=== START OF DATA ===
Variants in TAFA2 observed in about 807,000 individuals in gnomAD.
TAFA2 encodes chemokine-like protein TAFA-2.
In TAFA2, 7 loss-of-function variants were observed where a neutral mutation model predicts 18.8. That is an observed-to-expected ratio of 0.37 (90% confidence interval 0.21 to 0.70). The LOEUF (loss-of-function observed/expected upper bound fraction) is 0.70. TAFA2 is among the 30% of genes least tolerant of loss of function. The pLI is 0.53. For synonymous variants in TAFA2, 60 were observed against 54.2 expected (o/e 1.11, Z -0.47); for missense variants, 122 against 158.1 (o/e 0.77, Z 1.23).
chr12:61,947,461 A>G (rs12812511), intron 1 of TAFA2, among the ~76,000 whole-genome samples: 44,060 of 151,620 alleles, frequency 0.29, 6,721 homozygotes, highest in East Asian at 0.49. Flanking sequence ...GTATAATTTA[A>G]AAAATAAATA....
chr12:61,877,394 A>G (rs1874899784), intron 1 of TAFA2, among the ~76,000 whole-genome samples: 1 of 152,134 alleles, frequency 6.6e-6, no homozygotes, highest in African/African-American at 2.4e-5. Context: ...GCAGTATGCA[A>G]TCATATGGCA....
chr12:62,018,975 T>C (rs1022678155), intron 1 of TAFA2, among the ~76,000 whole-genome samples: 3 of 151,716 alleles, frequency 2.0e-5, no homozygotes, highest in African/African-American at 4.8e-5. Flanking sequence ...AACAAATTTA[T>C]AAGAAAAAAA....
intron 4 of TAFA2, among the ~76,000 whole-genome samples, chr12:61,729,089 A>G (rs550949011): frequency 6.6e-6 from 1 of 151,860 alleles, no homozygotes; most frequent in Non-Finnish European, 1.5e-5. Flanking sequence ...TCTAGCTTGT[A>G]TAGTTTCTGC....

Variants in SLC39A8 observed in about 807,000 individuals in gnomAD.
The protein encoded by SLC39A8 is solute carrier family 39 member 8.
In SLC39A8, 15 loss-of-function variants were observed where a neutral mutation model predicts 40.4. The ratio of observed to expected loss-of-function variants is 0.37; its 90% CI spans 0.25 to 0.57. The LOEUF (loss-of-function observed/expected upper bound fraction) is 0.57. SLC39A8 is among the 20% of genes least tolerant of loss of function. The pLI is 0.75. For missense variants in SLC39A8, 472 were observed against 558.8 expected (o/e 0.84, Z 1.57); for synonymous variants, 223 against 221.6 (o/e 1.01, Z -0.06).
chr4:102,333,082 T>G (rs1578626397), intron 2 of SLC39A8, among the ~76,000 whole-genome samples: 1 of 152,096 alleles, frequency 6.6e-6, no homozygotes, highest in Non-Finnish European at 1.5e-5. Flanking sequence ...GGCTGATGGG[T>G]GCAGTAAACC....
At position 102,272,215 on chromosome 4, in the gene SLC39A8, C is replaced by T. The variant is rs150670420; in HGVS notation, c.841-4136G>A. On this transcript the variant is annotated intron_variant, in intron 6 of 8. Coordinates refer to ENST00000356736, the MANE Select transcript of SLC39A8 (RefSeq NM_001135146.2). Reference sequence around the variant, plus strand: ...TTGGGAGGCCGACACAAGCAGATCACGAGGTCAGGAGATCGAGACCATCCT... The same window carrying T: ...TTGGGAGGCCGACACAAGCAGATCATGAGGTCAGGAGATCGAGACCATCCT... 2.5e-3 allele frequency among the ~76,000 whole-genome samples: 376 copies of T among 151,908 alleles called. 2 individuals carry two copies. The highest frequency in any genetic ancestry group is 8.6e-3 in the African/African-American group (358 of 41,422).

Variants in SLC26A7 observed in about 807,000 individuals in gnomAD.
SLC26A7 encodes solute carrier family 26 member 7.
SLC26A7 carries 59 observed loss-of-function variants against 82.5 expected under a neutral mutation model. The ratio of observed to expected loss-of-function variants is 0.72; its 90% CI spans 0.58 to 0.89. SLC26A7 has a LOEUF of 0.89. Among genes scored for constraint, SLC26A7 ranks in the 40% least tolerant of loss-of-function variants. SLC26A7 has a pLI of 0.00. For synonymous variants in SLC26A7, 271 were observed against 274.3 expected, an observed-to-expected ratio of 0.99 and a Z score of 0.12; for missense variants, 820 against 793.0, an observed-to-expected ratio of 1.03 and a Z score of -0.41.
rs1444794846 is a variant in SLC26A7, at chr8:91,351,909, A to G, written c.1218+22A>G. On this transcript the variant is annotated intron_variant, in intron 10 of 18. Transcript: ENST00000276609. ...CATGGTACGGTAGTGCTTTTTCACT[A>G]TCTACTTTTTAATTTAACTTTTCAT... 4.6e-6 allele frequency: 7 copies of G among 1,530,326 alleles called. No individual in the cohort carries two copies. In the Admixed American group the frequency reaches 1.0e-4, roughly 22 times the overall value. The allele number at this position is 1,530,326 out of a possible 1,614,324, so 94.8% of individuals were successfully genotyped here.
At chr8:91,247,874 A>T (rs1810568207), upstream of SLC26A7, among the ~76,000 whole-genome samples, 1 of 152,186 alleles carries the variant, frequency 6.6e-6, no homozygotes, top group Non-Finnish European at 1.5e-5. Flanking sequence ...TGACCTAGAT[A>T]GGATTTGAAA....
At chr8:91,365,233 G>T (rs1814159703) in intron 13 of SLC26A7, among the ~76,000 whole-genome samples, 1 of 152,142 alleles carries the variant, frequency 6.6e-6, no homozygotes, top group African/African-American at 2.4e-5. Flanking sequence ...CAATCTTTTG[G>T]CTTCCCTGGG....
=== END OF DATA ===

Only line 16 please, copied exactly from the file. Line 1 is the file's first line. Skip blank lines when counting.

rs1444794846 is a variant in SLC26A7, at chr8:91,351,909, A to G, written c.1218+22A>G. On this transcript the variant is annotated intron_variant, in intron 10 of 18. Transcript: ENST00000276609. ...CATGGTACGGTAGTGCTTTTTCACT[A>G]TCTACTTTTTAATTTAACTTTTCAT... 4.6e-6 allele frequency: 7 copies of G among 1,530,326 alleles called. No individual in the cohort carries two copies. In the Admixed American group the frequency reaches 1.0e-4, roughly 22 times the overall value. The allele number at this position is 1,530,326 out of a possible 1,614,324, so 94.8% of individuals were successfully genotyped here.